FORT ST. JOHN, B.C. – Fort St. John residents enjoyed the third annual Taste of Fort St. John event held at the Curling Club by the Fort St. John Multicultural Society on Saturday.

Though the event was smaller than in previous years and held inside, the venue was still filled with incredible smells from cultures from around the world.

The event started with the singing of ‘O Canada’ and a performance from Indigenous Drummers.

Wandering around the event and stopping for pictures was a traditional dragon.

Resident Elmer Castillo attended the festival for the first time today and enjoyed himself.

“I am able to taste the local cuisine and, at the same time, multicultural food,” he explained.

He enjoyed some bison and bannock and described it as “so good.”

He mentioned that he would like to see more cuisines in the future, but this is “better than nothing,” especially after the pandemic.

Olive Tree was present, representing the Mediterranean culture with homemade spanakopita, lamb skewers and baklava as appetizers.

The booth offered platters of chicken souvlaki with greek rice, tzatziki sauce, greek salad and pita, a greek chicken platter with tzatziki, greek salad and pitta, and a lamb platter with greek rice, tzatziki, greek salad and pita.

Next to their station, Annette Campbell and her family were busy selling and cooking Jamaican food.

Campbell’s family business is called Island Flavour, and they were cooking and selling plantains, jerk chicken and festivals.

Campbell said she is excited to try Filipino cuisine if she gets a chance.

She has done this event each year it’s happened now, and it means a lot to her.

“It means a lot to put my flags out there and to actually put my country out there, to promote my own food and multiculturalism,” she said.

“I’m having a good day, and I’m loving what I do,” she added.

Next to Island Flavour was an Indian food station with mango shakes, mango muffins and a curry combo with bread from Cob’s Bread.

Another Indian food vendor was Indian Essence with butter chicken rice and samosa.

The owner made sure that volunteers didn’t go hungry either by offering them free food.

Indian Essence workers with owner Gaurav Kumar in the centre. (Alan Yu)

Beside the Indian food, Mama Pat’s Kitchen had a food truck set up, but due to having just finished up another event, they were only serving Pad Thai and freezies instead of their typical addition of slushies and ice cream.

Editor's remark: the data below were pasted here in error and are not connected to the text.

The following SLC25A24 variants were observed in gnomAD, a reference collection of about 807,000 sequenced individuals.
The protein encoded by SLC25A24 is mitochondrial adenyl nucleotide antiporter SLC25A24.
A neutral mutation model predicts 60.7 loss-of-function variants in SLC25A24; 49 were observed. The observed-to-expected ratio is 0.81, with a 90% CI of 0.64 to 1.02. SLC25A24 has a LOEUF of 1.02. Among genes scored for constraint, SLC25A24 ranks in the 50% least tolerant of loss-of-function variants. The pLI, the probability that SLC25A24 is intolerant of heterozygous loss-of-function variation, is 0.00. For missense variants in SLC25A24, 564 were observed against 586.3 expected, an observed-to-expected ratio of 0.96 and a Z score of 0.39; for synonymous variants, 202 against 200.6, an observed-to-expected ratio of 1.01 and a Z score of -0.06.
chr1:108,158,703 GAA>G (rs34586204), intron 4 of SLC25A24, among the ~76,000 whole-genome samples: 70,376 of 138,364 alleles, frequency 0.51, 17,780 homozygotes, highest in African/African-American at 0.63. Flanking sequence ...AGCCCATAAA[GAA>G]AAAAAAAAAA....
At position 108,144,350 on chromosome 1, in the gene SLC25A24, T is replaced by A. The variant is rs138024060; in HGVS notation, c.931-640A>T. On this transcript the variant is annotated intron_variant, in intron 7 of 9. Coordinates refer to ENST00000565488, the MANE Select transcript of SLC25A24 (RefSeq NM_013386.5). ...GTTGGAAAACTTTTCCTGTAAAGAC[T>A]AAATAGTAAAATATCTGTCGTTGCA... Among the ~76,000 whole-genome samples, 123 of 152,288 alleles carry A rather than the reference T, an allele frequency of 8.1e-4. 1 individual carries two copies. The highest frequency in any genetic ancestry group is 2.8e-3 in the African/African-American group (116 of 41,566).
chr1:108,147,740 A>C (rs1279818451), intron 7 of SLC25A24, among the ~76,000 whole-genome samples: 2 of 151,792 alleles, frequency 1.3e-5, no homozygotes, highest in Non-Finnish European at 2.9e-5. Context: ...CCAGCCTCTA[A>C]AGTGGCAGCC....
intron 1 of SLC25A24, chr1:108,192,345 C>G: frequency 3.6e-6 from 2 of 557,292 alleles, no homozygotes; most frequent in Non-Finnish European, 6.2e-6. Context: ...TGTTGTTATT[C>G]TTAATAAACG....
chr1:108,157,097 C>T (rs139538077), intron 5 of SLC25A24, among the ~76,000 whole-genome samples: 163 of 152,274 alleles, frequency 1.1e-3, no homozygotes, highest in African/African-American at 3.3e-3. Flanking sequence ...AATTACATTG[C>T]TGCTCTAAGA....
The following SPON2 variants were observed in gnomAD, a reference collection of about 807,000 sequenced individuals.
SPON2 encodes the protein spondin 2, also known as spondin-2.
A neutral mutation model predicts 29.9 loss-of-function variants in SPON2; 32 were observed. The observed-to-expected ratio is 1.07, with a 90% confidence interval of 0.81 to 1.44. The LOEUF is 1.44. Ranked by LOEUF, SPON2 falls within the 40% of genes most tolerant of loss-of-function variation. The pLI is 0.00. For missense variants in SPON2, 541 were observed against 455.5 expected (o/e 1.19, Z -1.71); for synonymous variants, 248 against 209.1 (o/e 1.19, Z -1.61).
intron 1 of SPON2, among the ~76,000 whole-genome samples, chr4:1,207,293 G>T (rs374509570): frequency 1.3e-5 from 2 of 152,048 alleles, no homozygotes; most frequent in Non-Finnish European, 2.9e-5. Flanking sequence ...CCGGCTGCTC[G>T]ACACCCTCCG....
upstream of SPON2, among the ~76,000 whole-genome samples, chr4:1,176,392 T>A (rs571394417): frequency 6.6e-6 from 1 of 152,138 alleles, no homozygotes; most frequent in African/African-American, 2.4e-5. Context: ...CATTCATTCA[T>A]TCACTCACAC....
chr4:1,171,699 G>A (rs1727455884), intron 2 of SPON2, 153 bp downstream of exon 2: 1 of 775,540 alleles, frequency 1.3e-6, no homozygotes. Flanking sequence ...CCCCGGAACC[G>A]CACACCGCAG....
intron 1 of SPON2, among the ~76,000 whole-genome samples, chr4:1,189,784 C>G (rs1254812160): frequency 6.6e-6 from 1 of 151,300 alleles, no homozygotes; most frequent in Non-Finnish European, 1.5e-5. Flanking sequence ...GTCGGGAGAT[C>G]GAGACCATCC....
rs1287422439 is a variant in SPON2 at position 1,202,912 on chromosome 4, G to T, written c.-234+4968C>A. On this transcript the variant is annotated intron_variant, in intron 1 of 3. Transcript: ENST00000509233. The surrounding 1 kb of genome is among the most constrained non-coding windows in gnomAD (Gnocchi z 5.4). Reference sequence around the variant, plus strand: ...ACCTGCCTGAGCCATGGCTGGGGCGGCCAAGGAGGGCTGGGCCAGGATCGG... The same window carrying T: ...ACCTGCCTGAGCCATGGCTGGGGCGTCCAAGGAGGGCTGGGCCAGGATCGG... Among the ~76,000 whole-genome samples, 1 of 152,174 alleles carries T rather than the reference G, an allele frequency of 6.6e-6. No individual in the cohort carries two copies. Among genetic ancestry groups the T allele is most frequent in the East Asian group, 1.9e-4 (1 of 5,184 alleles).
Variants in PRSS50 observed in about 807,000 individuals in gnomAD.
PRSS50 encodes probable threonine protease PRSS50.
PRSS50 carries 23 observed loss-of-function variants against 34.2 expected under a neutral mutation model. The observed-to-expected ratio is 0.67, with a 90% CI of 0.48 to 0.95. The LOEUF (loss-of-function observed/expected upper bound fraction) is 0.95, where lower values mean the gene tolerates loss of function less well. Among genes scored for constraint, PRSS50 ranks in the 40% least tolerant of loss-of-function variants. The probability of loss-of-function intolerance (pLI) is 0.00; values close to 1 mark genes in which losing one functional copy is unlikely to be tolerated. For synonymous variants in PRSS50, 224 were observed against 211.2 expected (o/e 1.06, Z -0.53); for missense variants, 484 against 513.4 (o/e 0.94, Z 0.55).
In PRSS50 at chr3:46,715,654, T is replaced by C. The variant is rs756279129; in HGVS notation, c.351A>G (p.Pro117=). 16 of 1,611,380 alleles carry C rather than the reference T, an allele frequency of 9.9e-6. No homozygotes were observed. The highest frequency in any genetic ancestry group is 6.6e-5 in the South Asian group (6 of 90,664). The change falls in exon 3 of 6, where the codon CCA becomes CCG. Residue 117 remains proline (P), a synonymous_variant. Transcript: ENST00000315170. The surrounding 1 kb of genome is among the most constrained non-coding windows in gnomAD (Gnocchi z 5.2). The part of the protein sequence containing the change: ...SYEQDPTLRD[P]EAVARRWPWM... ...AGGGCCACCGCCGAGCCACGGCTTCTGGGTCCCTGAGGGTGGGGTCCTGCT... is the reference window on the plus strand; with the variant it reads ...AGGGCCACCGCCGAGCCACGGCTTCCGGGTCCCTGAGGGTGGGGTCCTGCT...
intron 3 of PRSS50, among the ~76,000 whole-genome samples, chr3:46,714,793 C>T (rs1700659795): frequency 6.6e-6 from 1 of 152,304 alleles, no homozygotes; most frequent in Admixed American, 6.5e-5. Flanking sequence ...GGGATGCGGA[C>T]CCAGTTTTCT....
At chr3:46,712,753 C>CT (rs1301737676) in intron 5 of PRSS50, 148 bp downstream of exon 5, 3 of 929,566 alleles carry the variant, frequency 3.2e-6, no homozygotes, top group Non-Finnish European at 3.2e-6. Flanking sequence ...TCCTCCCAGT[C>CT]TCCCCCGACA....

Mama Pat’s Kitchen food truck and family.

A few tables set up for Filipino cuisine were on the other side of the truck.

They offered three combo options: Combo A included Pancit Guisado and spring rolls, Combo B was Rice and Pork Menudo, and Combo C was Pancit and a spring roll.

They also had fish balls with a choice of sauce and Halo-halo, a popular dessert from the Philippines made of crushed ice, evaporated or coconut milk and various other ingredients.

There were two local stands on the opposite side of the multicultural cuisines.

One of those tables featured Sticky’s Candy offering “Around the World” bags, boxes of candy, Bannock mix, and freeze-dried skittles.

Next to Sticky’s Candy’s booth, a few tables were set up for Indigenous cuisine, with Doig River First Nation members explaining the free food to attendees.

They were serving smoked, baked, and deep-fried bison, bison burgers, and oven-baked and deep-fried bannock.

Shirley Acko, a linguist with Doig River First Nation, says that the festival brings all the different ethnic groups to Treaty 8 territory and shares what they eat.

“[We are] serving bison dry meat. That’s what we do for our livelihood. We still live off the land, 100 per cent. I’m just glad to be a part of this, and everything we’re serving today is free to the public,” she explained.

“We’ve got a lot of good things going on in Doig, and I’m glad to be from Doig.”

Shona Nelson, Doig River First Nation Band Manager or Dane-zaa ghaa adishtl’ish gha deh and President of the Fort St. John Multicultural Society, was also in attendance.

She says the goal of the society is to foster a relationship between newcomers to Canada and the pioneers that have been here a long time.

“Everyone likes food. Breaking bread or sampling different food is a nice way to bridge relationships, build relationships, bridge cultures and learn from each other,” she explained.

She mentioned that they are always looking for volunteers and committed members who would like to support these events.

“In Beaver, they always say Tsúú Naa Yeh, be kind, and I think this is a great space where we can keep that vision and message going,” she said.

Doig River First Nation councillor Garry Oker says he thinks it’s important that newcomers understand that “the Indigenous communities are still alive.”

“This is our territory, and we still have our language, culture, food, the way we prepare things and the use of animals,” he explained.

“I think those are very important for the local people that come from different countries to experience this, so that’s why we like being part of this.”

Shailynn Foster

Shailynn Foster is a news reporter for energeticcity.ca. Shailynn has been writing since she was 7 years old, but only recently started her journey as a journalist. Shailynn was born and raised in Fort St. John and she watches way too much YouTube, Netflix and Disney+ during the week while playing DND on the weekends.